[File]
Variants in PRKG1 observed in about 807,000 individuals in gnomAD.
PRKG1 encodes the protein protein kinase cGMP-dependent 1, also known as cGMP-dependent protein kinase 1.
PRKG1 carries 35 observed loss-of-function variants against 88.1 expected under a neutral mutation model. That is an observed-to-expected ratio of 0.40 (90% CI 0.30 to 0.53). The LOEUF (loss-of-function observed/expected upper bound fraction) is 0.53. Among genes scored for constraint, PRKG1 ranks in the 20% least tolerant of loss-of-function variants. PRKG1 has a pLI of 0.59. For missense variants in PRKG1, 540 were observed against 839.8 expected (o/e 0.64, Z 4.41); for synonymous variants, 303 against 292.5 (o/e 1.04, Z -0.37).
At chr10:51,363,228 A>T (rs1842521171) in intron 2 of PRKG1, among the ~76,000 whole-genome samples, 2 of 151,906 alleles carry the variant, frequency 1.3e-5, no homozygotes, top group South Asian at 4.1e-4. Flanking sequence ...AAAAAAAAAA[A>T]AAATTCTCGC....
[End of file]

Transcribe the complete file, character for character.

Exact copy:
Variants in PRKG1 observed in about 807,000 individuals in gnomAD.
PRKG1 encodes the protein protein kinase cGMP-dependent 1, also known as cGMP-dependent protein kinase 1.
PRKG1 carries 35 observed loss-of-function variants against 88.1 expected under a neutral mutation model. That is an observed-to-expected ratio of 0.40 (90% CI 0.30 to 0.53). The LOEUF (loss-of-function observed/expected upper bound fraction) is 0.53. Among genes scored for constraint, PRKG1 ranks in the 20% least tolerant of loss-of-function variants. PRKG1 has a pLI of 0.59. For missense variants in PRKG1, 540 were observed against 839.8 expected (o/e 0.64, Z 4.41); for synonymous variants, 303 against 292.5 (o/e 1.04, Z -0.37).
At chr10:51,363,228 A>T (rs1842521171) in intron 2 of PRKG1, among the ~76,000 whole-genome samples, 2 of 151,906 alleles carry the variant, frequency 1.3e-5, no homozygotes, top group South Asian at 4.1e-4. Flanking sequence ...AAAAAAAAAA[A>T]AAATTCTCGC....